But the most important thing still needed to be answered: how was the engine?
“What do you think?” I asked my eternally skeptical Corvair expert mechanic Mark.
In life, no stories end well when they begin with well. Just know that.
“Well,” he started, “the bad news that this isn’t a Yenko engine. A Yenko engine has a whole bunch of things that this one doesn’t have.”
“Yeah, he never claimed that the car was a Yenko, just that the guy who had it before wanted to recreate a Yenko. The key word there is “style.” So what’s the good news?”
“The good news?” Mark continued, “Is that the engine sounds good. But…well...”
Wait, I thought we were done with the bad news part of our show…
“…you can have a bunch of parts, but if it’s not built well, it really doesn’t mean anything. And I don’t know who built it, so I won’t know until I drive it.”
Great. Driving it was gonna be a while. First, we had to pull the four-speed transmission from my car and get it rebuilt. We were gonna take the posi from the donor car, but it was gonna cost me more to rebuild, and since I don’t live in a climate that really requires posi, nor do I see myself doing burnouts in this Corvair, it wasn’t a big deal to me to not rebuild it. So I gave the posi to Mark in exchange for some of the labor cost.
We tossed the headers that came with the donor car, as they weren’t really Yenko headers, and I purchased some loud ass Clark’s Ultimate Exhaust headers because I like loud ass cars.
To Mark’s chagrin, he’d have to figure out how to make the exhaust tips come out of the cutouts we’d created, because I thought they’d look cool, while at the same time, sealing properly so I didn’t die of asphyxiation on the 405 freeway. But that’s why I was paying Mark the big bucks, to figure out shit I don’t know how to do.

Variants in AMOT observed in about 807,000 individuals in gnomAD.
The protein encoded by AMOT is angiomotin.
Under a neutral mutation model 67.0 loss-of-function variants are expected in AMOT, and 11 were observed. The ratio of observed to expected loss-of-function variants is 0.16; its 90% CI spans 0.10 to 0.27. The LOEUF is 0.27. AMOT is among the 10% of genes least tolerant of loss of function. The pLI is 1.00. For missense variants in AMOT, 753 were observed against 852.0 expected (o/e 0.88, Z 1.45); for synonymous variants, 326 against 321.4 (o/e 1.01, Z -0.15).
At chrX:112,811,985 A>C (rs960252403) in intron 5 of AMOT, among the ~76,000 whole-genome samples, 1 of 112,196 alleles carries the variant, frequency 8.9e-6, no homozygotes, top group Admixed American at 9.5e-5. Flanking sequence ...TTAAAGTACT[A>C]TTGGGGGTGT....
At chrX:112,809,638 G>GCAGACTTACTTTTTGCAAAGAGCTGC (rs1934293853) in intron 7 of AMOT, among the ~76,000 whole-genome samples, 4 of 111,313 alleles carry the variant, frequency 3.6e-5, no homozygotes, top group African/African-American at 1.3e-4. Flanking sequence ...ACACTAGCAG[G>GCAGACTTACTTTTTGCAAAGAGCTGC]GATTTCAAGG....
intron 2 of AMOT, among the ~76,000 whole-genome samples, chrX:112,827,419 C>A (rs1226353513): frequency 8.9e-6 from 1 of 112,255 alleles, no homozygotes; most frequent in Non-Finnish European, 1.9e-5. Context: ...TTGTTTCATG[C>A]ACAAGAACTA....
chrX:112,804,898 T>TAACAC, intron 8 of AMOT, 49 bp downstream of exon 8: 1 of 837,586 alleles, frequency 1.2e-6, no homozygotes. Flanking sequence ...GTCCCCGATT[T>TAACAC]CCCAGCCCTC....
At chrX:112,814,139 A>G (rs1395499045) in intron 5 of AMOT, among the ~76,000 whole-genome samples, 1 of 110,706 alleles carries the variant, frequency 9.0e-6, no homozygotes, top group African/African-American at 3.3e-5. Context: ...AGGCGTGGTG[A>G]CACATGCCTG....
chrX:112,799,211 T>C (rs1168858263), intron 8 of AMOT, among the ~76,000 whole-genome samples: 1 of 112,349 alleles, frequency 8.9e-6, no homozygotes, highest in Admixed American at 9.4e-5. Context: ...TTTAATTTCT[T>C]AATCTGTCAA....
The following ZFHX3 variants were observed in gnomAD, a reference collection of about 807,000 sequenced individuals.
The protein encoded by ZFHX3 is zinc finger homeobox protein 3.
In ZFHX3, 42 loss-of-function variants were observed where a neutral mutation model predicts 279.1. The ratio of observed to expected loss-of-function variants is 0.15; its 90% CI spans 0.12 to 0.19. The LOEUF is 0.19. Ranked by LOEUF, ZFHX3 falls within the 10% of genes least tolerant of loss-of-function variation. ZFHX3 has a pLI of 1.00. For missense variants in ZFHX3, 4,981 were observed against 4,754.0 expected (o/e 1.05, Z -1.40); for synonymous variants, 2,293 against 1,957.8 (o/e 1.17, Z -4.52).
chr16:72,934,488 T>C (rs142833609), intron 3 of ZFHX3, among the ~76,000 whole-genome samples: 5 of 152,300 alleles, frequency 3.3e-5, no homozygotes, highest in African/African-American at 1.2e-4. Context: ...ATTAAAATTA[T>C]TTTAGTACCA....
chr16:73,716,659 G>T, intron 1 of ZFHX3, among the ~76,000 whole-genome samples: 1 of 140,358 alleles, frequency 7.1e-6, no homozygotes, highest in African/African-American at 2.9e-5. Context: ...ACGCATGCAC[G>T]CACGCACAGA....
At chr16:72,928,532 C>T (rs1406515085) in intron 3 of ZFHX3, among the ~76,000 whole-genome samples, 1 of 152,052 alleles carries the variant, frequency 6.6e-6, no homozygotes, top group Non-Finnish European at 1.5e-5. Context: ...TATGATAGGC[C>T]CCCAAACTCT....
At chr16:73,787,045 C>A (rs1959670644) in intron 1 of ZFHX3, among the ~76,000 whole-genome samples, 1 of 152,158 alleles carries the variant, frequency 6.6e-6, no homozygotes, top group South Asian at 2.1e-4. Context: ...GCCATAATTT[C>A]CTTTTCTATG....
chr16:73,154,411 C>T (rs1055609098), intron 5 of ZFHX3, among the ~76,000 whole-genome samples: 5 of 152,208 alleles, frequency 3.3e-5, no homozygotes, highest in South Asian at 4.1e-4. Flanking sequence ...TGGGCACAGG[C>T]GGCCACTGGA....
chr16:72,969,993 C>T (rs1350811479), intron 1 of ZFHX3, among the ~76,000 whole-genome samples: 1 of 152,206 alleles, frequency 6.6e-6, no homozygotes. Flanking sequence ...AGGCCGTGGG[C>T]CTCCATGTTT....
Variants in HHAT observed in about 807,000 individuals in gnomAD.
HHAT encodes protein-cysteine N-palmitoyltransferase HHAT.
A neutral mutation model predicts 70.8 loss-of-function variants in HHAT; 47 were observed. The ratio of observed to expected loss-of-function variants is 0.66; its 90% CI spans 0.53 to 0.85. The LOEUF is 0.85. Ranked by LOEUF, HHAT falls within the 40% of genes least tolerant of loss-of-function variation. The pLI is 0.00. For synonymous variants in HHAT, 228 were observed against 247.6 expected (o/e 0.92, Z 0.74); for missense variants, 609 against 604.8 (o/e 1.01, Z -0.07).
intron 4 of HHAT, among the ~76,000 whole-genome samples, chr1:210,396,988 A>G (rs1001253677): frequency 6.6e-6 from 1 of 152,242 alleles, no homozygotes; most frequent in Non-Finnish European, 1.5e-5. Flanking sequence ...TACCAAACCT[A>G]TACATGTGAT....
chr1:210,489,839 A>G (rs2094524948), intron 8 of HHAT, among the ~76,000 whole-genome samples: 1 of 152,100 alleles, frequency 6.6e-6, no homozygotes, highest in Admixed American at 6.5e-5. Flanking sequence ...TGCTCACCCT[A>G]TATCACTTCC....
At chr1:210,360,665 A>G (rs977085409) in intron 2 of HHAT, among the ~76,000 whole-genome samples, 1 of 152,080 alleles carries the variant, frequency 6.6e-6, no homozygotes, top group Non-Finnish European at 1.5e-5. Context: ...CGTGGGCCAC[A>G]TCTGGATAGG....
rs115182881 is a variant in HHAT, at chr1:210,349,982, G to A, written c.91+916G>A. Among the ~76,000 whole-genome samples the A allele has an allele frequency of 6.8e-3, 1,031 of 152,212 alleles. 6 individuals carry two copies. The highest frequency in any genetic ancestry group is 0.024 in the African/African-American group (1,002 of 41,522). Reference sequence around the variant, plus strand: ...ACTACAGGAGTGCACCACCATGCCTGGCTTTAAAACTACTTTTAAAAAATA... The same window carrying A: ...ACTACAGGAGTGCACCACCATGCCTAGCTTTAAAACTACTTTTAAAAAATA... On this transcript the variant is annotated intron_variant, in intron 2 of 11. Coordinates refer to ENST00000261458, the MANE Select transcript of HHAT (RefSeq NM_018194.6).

Oh, and I took the headers over to Engineered Applications over in the city of Vernon to get them ceramic coated. Only charged me a couple hundred and came out great.
Next up was a trip to eBay, where I bought four Corvair 140 HP High Performance Carbs, so beautiful that I literally spent weeks staring at them. Don’t judge me.
I needed a shitload of suspension parts from Clark’s Corvair, and as usual, they came through with box after box. Look, every rebuild is expensive, and I spent a lot of money with Clark’s Corvair, but they were hella patient with me, so it was worth it. Still, I’m pretty sure I paid someone’s salary for the month. Anyway, this is a long way to say that Mark rebuilt the front end.
He then tackled my hubs, which were crap, so they had to be sent out to Denver, where they were rebuilt by a specialist. With a Corvair, every part seemingly has an expert who only works on that particular part. So sending the hubs to Denver didn’t feel like something unusual. It’s a fifty-year old car. Yet, we got those hubs back in like…an hour, or so it seemed. The turnaround time was amazing.
“Every bolt on this car is seized, and I’ve had to cut them off,” Mark said as he toiled under my car. “But at least you’ll have new everything on this car.”
So in the time since I last posted, the car has the engine installed, a newly rebuilt transmission connected to the “Yenko style”” engine, a suspension that sits with the correct stance I want, drum brakes that are rebuilt and safe, with a cool ass exhaust.
It would be another month before we’d know the verdict on the engine, and I’m not gonna lie, that made me nervous as hell. I’ll let you know how the engine held up in a couple of weeks.
But for now, let’s continue our fake racing history of our little Corvair.
The Man had begun his story by telling me about his battles with Steve McQueen at Riverside, but he soon turned to some of the racing legends, including a guy who would eventually get the Corvair to the starting grid at Le Mans in ’66.
“John Fitch,” The Man said, his eyes squinting, as though he could see Fitch off in the distance. “Simply a beast.”
“Heard that he was a World War II fighter pilot,” I said, having done my homework. And when I mean homework, I really meant a quick Google search. The Man didn’t need Google. He had a database between his two ears that trumped their algorithm.
“Missions all over Nazi Germany. Got shot down, if I recall, in a P-51 Mustang.
“Went into a prison camp, was released when the war was over, and then got with Cunningham’s race team in the early ’50s. But Fitch had grown up with cars. His Dad had worked for Stutz. You don’t know nothing bout no Stutz Bearcats, now do you?”